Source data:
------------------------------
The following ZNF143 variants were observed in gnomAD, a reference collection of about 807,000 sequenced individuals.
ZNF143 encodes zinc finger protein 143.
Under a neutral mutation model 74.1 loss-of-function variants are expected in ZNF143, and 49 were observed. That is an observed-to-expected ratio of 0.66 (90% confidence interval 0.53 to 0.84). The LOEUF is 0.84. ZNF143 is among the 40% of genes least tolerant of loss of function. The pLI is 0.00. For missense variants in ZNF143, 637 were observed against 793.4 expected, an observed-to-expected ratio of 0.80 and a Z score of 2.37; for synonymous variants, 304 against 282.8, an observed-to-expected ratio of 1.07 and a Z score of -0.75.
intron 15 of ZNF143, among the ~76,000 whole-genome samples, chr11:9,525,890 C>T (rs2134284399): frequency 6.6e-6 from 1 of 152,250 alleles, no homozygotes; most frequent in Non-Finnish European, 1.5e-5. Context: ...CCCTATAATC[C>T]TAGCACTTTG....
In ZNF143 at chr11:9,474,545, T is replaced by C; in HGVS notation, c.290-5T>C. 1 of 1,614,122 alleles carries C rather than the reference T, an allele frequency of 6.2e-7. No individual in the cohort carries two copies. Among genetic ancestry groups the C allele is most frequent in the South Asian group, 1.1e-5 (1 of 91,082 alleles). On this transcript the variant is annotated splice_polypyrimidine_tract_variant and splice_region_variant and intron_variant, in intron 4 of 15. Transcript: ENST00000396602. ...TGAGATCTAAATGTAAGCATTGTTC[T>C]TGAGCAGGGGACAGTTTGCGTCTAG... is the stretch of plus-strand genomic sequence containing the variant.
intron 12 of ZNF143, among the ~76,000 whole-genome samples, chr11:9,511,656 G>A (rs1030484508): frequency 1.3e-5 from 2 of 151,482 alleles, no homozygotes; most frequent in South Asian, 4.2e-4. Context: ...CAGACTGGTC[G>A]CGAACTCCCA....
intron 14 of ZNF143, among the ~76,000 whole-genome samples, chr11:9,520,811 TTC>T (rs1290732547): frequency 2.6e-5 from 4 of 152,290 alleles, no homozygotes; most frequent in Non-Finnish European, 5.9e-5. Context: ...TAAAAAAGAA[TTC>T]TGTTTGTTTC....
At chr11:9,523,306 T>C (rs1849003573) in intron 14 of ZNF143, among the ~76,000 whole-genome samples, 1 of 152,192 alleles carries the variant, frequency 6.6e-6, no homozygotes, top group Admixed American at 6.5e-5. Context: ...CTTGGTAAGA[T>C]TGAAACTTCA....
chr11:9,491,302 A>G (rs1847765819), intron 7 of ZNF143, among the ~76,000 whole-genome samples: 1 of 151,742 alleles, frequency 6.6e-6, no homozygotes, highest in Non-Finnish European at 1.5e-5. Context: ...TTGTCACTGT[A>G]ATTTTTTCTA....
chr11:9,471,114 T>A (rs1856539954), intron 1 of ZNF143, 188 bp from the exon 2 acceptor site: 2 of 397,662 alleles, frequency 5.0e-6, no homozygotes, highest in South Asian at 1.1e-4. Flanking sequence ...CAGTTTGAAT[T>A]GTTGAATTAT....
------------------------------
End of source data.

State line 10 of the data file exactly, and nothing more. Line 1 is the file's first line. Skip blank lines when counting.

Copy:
chr11:9,471,114 T>A (rs1856539954), intron 1 of ZNF143, 188 bp from the exon 2 acceptor site: 2 of 397,662 alleles, frequency 5.0e-6, no homozygotes, highest in South Asian at 1.1e-4. Flanking sequence ...CAGTTTGAAT[T>A]GTTGAATTAT....